You can hear the odd Scouse-tinged twang on the streets of Pemberton. That might be because the former mining village in Wigan is closer to the Mersey Tunnels than the Mancunian Way.
Another notable thing about the town, postcode WN5, is that it currently has the cheapest house prices in the most affordable borough for first time buyers in Greater Manchester. According to the latest Land Registry figures the average property here will set you back £146,230.
That means first-time buyers will need to earn around £30,000 a year and save up just under £22,000 for a 15 per cent deposit, to get on the property ladder. In comparison in Trafford, the region’s most expensive borough, the average house price is now an eye-watering £362,554.
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Outside St John’s parish church Susan and Terry Boyd and Sandra Hopkinson are making preparations for this weekend’s jumble sale. “It’s a working class area,” says Susan as she helps hang a sign on the churchyard gate. “It can be a bit parochial – most Wiganers stay where they are – but it’s very friendly.
“There are a lot of community things, but since covid a lot of it has died. We are trying to build it back up again but it’s difficult.
“We’re hoping to set up a coffee morning and get people more involved, but it’s never got back to normal after covid. A lot of people, especially the elderly, are still nervous about going out. Covid just upset everything.”
Major local employers include the huge Heinz factory in nearby Orrell and Wigan Infirmary, but with a train station and the M6 on the doorstep it’s an also easy commute into Manchester, Liverpool and other surrounding towns.
Retired aircraft engineer Brian Heaton says the location is one of the best things about living here. “It’s dead easy to get everywhere,” he said .
“We’re five minutes from the M6 and a five minute walk from the train station, so you can be in Manchester, Liverpool, Preston or Blackpool in 30 minutes.”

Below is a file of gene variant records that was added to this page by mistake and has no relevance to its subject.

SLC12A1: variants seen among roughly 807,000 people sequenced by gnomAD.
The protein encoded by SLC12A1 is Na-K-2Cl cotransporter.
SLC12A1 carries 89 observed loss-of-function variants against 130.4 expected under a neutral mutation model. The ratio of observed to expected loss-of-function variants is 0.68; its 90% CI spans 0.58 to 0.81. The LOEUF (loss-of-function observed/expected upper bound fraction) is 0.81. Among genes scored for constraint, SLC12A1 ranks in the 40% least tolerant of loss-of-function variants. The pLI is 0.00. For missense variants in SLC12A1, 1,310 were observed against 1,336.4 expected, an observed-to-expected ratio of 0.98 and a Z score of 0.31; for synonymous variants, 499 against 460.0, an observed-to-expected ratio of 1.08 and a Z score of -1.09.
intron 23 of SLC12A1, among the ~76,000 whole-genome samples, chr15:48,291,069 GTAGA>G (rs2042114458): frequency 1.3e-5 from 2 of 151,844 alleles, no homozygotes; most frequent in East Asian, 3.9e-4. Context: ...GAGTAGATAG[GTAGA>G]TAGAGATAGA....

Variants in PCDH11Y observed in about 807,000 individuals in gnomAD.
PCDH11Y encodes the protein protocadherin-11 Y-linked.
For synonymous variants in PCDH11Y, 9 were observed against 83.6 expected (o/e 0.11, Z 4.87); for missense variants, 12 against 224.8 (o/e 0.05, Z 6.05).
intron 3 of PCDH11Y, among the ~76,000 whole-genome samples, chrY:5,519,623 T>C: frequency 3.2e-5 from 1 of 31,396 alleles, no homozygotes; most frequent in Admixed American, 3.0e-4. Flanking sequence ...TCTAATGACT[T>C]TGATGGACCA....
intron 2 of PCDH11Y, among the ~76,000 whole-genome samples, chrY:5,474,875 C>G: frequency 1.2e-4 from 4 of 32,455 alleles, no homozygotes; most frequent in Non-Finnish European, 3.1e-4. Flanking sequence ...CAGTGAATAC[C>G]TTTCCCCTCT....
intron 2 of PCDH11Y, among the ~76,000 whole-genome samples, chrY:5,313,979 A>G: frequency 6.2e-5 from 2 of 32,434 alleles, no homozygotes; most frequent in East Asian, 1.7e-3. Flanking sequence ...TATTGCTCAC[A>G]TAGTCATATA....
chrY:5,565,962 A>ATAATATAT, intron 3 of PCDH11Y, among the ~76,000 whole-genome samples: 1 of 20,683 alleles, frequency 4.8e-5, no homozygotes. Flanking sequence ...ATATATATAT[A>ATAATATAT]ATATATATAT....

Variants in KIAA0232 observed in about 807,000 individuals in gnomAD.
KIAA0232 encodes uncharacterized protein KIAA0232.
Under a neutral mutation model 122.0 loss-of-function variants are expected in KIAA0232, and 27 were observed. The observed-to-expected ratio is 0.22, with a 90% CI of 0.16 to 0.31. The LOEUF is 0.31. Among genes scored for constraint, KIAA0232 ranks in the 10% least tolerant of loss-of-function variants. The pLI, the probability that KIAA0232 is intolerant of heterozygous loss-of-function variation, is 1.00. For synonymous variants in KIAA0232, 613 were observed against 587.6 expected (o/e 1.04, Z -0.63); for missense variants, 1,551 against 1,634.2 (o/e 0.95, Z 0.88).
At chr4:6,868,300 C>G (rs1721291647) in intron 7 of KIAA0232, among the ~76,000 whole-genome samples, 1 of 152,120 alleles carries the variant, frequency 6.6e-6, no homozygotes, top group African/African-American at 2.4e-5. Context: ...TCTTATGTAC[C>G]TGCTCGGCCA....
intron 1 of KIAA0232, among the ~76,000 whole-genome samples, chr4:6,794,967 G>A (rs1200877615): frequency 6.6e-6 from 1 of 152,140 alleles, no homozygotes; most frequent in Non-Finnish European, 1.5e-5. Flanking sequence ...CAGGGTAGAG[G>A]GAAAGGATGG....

But the easy access to the motorway also means the town gets pretty busy at rush hour. “They’re supposed to be building a link road from the M6 to near the Primrose Farm pub to take a lot of the traffic away from here, but it’s been on and off for years,” added Brian.
“At peak times it’s bad. It’s backed up a good half a mile. But I’ve lived here all my life. I wouldn’t say it’s the best place in the world but it’s a good place to live – it’s got everything I need.”
At Regal estate agents Mildred Kenyon says that with interest rates continuing to rise, the local property market has slowed down a little this year. But with a number of new housing estates being built she says demand is still pretty ‘buoyant’.
Three bed semis are currently on the market for £200-220,000 and you can still get a two bed terrace in and around the town centre for around £100k, while former council houses on the Norley Hall and Redwood estates fetch between £130k and £180k.
“House prices are stable still,” said Mildred, who’s lived in the area for 50 years. “Last year so many people were bidding for each house as soon as they were coming on the market, it was just whoosh.
“It’s slowed down a bit this year, but it’s still pretty buoyant. People are still putting their houses on the market and we also get a lot of investors from London.
“I don’t think [the interest rate rises] will bother people round here too much. They’ll just stay put.
“I’ve been in this business since 1990 and we went through something similar in the 90s and the credit crunch, then it just goes back to normal.”
Pemberton’s busy little high street has several cafes, a florists, newsagents, a Tesco express and, as it’s Wigan, three pie shops. On Wednesday afternoon the sounds of students from the TMP music college rehearsing at the Lamberhead Green working men’s club could be heard as locals sat in the sun in the beer garden outside the White Swan.
But, like many towns of its size, Pemberton also lost all four of its banks in recent years, while a couple of old pubs are now an Italian restaurant and a children’s nursery. Like Brian and Mildred, hairdresser Stacey Bennett has also lived in Pemberton all her life.
“Everybody knows everybody. A lot of people grow up here and stay here,” she said.
“It’s that kind of place. A lot of my customers are in their 80s and they’re loving life. There’s everything they need here for them.”
One relative new-comer is shop-keeper Faraj Mohammed, who took over Clayton’s Newsagents four years ago. “It’s a nice community, I have nice customers, but there are no banks and there are too many shoplifters,” he said.
“It’s every day. I don’t bother reporting it to the police any more because they don’t do anything, they just say claim on the insurance.
“But apart from that it’s a nice area. I used to live in Chelsea in London. It was a very posh area but I was poor. Life is much easier here.”